BERLIN (Reuters) - German business morale plunged in July to its lowest level in more than six years, a survey showed on Thursday, in a further sign that a manufacturing crisis is pulling Europe’s largest economy toward recession.
The data bodes ill for Germany’s export-reliant economy which has been hit hard by weaker foreign demand, trade disputes and Brexit uncertainty.
The Ifo institute said its business climate index fell to 95.7 from an upwardly revised 97.5 in June. The July reading undershot a consensus forecast for 97.1. It was the fourth monthly decline in a row and the lowest level since April 2013.
“The most important German economic indicator suggests that the German economy is heading toward a recession,” VP Bank analyst Thomas Gitzel said.
Germany’s gross domestic product is widely expected to have shrunk in the second quarter after a solid 0.4% quarter-on-quarter expansion in the first three months. Another quarter of economic contraction would be a technical recession.
Ifo President Clemens Fuest said the German economy was navigating troubled waters as companies were less satisfied with their current business situation and were also looking ahead with increased scepticism.
IN FREE FALL
“In manufacturing, the business climate indicator is in free fall,” Fuest said, with the sub-index for the goods producing sector posting its biggest drop since February 2009.
In a sign that the manufacturing recession is creeping into other sectors of the economy, business morale also deteriorated in services and trade, the Ifo figures showed. Construction was the only sector with growing optimism.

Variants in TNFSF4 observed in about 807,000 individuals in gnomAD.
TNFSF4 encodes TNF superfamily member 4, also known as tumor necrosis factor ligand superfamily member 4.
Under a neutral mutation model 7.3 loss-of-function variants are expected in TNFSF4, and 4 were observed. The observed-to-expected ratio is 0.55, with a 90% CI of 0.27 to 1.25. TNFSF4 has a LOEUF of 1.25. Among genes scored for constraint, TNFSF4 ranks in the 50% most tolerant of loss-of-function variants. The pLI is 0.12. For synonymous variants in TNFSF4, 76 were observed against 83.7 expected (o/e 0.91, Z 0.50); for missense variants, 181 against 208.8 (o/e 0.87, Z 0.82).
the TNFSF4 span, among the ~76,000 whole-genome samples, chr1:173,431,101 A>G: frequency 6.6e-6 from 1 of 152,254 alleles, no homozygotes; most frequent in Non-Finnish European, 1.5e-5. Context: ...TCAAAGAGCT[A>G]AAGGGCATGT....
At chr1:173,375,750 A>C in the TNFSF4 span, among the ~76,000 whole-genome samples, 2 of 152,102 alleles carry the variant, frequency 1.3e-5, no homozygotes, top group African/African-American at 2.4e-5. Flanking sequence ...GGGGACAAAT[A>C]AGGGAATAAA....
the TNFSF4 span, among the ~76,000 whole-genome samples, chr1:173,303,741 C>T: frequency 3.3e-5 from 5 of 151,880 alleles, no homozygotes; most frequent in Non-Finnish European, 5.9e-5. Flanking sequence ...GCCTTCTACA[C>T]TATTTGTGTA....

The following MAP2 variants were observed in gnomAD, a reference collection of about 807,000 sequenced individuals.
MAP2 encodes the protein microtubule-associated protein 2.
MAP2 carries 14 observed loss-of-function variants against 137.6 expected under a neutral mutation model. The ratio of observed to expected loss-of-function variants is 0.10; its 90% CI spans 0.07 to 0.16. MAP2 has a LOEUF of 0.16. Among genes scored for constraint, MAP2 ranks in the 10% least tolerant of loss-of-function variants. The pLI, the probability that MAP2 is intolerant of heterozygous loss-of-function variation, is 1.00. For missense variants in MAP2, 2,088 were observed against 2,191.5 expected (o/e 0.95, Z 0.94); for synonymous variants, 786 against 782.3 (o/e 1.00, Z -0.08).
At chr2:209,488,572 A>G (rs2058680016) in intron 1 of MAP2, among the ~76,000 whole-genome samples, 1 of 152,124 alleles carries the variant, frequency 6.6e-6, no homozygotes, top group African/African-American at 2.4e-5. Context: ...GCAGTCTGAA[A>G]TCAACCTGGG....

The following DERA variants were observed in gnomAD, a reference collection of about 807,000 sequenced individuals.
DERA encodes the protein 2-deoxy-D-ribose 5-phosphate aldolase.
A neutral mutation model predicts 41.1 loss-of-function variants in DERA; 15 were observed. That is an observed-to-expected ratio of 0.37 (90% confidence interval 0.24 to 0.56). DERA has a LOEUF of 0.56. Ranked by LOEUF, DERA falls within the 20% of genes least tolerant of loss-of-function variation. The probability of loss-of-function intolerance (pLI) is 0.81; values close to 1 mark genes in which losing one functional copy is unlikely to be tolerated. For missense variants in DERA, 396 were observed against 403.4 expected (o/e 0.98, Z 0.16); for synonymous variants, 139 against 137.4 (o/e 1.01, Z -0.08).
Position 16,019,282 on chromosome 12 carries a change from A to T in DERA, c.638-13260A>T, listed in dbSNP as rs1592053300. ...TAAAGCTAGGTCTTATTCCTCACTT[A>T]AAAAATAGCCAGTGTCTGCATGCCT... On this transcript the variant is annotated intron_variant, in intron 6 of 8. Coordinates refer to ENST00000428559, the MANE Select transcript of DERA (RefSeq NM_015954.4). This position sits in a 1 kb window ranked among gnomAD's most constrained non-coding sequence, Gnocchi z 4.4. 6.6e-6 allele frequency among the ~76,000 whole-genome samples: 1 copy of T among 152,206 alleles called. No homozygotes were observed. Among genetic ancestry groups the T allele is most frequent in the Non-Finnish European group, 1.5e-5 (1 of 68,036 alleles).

The Ifo figures chimed with a survey among purchasing managers released on Wednesday that showed the recession in manufacturing worsened in July with the performance of German goods producers dropping to the lowest level in seven years.
Ifo economist Klaus Wohlrabe told Reuters that the manufacturing recession was spreading across the broader industrial sector.
“Private consumption remains a pillar of support, but employment growth continues to weaken,” Wohlrabe said, adding that domestic demand should nonetheless provide a bulwark against trade-related headwinds in the coming months.
“However, no major gains are expected in the second half of the year either. Because with Boris Johnson and his cabinet, we have an increased probability of a hard Brexit,” he said.
German exporters are also worried that an escalating trade dispute between the United States and China could hurt their business. U.S. President Donald Trump’s threat to impose higher import tariffs on European cars is causing concern too.
“Germany is in a gray area between a marked growth slowdown and a recession,” Commerzbank economist Joerg Kraemer said, adding that the Ifo figures would feed into the wider debate about how the European Central Bank should react.
“The ECB is very likely to ease its monetary policy considerably, if not as we expect today, then by September at the latest,” Kraemer said.
ECB policymakers are all but certain to ease policy further during a meeting on Thursday, with the biggest question whether it staggers its moves over several months or opts for a big bang.
Reporting by Michael Nienaber, editing by Paul Carrel and Jon Boyle
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